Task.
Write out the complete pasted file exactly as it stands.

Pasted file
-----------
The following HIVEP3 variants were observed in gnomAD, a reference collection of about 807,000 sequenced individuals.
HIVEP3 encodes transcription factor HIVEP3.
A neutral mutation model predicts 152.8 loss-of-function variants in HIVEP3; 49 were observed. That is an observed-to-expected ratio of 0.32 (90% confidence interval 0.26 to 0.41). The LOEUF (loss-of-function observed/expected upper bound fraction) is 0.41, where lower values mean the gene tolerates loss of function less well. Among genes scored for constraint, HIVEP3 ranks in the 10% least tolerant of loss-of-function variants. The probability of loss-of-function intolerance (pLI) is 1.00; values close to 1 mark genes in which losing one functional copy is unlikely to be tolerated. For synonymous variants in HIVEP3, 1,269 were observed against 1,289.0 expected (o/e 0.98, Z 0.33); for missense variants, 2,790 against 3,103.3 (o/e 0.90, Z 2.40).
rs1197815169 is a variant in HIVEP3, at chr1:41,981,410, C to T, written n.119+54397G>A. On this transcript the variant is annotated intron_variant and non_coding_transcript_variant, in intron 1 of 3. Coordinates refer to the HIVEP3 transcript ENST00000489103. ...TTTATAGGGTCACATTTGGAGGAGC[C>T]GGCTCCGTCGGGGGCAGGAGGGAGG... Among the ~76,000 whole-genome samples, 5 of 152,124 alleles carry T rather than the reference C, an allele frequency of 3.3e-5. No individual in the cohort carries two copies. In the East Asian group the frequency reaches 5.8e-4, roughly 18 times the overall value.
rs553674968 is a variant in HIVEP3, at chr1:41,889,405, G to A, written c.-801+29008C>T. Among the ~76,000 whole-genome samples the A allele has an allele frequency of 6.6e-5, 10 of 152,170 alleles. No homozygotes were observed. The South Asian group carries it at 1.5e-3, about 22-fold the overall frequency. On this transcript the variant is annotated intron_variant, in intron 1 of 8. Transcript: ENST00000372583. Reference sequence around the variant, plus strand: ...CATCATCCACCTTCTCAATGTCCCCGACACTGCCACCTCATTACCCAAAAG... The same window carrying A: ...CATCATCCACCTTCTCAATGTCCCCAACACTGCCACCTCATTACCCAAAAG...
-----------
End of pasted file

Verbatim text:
The following HIVEP3 variants were observed in gnomAD, a reference collection of about 807,000 sequenced individuals.
HIVEP3 encodes transcription factor HIVEP3.
A neutral mutation model predicts 152.8 loss-of-function variants in HIVEP3; 49 were observed. That is an observed-to-expected ratio of 0.32 (90% confidence interval 0.26 to 0.41). The LOEUF (loss-of-function observed/expected upper bound fraction) is 0.41, where lower values mean the gene tolerates loss of function less well. Among genes scored for constraint, HIVEP3 ranks in the 10% least tolerant of loss-of-function variants. The probability of loss-of-function intolerance (pLI) is 1.00; values close to 1 mark genes in which losing one functional copy is unlikely to be tolerated. For synonymous variants in HIVEP3, 1,269 were observed against 1,289.0 expected (o/e 0.98, Z 0.33); for missense variants, 2,790 against 3,103.3 (o/e 0.90, Z 2.40).
rs1197815169 is a variant in HIVEP3, at chr1:41,981,410, C to T, written n.119+54397G>A. On this transcript the variant is annotated intron_variant and non_coding_transcript_variant, in intron 1 of 3. Coordinates refer to the HIVEP3 transcript ENST00000489103. ...TTTATAGGGTCACATTTGGAGGAGC[C>T]GGCTCCGTCGGGGGCAGGAGGGAGG... Among the ~76,000 whole-genome samples, 5 of 152,124 alleles carry T rather than the reference C, an allele frequency of 3.3e-5. No individual in the cohort carries two copies. In the East Asian group the frequency reaches 5.8e-4, roughly 18 times the overall value.
rs553674968 is a variant in HIVEP3, at chr1:41,889,405, G to A, written c.-801+29008C>T. Among the ~76,000 whole-genome samples the A allele has an allele frequency of 6.6e-5, 10 of 152,170 alleles. No homozygotes were observed. The South Asian group carries it at 1.5e-3, about 22-fold the overall frequency. On this transcript the variant is annotated intron_variant, in intron 1 of 8. Transcript: ENST00000372583. Reference sequence around the variant, plus strand: ...CATCATCCACCTTCTCAATGTCCCCGACACTGCCACCTCATTACCCAAAAG... The same window carrying A: ...CATCATCCACCTTCTCAATGTCCCCAACACTGCCACCTCATTACCCAAAAG...